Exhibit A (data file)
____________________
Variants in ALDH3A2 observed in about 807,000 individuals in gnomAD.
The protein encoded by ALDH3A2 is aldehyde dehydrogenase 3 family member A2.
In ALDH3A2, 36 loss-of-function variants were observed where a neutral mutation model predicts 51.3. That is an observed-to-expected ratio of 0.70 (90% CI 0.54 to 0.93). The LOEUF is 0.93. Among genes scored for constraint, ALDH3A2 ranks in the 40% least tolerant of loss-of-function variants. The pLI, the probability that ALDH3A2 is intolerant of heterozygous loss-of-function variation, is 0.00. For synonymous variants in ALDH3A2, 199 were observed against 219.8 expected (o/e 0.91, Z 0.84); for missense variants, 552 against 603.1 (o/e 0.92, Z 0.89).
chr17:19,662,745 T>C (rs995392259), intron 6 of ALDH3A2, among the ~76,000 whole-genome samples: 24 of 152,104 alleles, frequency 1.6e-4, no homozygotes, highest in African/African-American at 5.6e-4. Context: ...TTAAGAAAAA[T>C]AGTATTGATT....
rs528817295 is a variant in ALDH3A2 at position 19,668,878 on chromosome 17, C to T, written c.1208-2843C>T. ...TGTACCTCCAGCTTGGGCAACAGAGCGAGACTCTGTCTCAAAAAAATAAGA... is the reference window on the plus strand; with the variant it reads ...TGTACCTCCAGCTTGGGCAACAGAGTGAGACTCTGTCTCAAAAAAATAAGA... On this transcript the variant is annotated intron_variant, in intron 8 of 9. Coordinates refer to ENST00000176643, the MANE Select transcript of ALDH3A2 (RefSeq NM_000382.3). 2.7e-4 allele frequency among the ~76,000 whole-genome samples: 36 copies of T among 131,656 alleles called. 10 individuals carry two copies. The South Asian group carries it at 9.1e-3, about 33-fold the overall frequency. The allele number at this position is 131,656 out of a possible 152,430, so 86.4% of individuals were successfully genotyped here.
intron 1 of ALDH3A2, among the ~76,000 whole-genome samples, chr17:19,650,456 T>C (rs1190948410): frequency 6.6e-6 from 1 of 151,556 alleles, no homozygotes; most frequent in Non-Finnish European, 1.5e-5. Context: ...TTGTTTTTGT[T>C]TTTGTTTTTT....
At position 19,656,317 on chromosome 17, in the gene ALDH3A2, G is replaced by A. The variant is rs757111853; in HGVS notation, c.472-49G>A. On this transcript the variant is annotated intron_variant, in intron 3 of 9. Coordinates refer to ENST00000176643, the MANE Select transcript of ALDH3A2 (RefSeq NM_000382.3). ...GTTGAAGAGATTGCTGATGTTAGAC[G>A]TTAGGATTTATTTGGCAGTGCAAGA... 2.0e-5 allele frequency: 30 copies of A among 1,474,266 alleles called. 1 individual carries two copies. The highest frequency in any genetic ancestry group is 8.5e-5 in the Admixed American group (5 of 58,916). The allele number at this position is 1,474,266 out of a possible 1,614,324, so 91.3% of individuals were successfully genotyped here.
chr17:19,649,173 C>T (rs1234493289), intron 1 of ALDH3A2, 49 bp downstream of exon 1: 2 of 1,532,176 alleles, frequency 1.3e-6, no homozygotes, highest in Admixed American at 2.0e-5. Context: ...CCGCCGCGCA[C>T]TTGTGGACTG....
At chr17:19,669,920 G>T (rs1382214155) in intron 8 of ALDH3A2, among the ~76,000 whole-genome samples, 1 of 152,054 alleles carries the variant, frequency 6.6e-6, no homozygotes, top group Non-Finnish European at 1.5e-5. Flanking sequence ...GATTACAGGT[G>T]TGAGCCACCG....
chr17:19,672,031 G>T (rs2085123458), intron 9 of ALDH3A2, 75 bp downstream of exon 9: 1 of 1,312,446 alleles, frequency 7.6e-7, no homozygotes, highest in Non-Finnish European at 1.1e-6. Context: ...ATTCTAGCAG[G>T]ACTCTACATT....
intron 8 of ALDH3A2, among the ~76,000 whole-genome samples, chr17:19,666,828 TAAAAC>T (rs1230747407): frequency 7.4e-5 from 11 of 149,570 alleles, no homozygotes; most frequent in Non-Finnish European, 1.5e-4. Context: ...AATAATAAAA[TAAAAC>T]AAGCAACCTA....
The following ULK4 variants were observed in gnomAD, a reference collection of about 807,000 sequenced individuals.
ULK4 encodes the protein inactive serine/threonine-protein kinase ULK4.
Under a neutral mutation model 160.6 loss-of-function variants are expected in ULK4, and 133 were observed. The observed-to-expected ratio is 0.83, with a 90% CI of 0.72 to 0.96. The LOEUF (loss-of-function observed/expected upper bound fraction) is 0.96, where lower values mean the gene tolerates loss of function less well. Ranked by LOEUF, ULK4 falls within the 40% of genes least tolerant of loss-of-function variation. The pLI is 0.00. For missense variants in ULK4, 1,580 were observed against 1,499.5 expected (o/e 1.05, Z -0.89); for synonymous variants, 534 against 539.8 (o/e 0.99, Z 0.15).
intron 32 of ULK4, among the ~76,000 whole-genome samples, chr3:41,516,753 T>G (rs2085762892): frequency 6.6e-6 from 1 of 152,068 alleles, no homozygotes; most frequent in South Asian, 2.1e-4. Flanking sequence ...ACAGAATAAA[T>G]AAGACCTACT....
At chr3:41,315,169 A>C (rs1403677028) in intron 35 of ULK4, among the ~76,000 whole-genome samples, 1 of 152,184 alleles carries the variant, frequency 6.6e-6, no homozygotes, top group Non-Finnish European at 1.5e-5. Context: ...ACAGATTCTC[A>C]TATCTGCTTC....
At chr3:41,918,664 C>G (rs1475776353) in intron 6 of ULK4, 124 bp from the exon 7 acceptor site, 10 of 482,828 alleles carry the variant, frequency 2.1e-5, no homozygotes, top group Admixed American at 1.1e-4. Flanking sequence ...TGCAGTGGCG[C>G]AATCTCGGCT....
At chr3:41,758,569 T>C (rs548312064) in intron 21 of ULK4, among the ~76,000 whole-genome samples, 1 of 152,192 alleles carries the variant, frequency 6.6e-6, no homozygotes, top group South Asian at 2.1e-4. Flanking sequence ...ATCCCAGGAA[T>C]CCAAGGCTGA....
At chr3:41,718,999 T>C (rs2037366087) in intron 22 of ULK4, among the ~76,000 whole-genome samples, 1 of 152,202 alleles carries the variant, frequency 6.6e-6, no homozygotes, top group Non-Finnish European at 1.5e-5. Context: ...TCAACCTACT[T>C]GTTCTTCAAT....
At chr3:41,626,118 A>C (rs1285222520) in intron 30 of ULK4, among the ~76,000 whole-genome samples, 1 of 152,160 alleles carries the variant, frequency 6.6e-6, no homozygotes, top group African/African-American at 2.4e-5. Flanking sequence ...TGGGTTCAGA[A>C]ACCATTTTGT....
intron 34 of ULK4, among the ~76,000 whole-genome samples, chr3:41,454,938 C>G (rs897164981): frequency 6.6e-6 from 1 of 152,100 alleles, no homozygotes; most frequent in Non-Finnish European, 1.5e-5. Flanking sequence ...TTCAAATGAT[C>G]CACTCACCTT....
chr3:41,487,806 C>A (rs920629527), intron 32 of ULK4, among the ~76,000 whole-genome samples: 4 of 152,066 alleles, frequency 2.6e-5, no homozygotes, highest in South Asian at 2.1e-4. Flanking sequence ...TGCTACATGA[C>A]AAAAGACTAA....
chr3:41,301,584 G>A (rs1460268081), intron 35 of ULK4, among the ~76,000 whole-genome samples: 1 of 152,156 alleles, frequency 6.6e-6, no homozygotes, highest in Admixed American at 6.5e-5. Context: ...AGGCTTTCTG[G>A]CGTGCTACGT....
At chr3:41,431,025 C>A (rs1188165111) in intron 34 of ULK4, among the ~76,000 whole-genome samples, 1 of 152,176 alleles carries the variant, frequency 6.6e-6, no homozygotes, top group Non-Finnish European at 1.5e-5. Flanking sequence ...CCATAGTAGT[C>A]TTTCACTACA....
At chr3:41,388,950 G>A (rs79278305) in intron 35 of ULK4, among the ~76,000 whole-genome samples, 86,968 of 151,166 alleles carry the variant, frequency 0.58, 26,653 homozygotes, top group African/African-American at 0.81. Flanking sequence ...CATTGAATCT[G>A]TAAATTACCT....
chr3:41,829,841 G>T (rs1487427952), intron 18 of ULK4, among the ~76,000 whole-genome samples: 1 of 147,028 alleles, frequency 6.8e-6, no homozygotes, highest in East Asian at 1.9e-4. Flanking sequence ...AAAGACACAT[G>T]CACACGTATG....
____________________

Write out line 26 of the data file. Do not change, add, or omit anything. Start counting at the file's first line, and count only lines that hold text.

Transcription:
chr3:41,829,841 G>T (rs1487427952), intron 18 of ULK4, among the ~76,000 whole-genome samples: 1 of 147,028 alleles, frequency 6.8e-6, no homozygotes, highest in East Asian at 1.9e-4. Flanking sequence ...AAAGACACAT[G>T]CACACGTATG....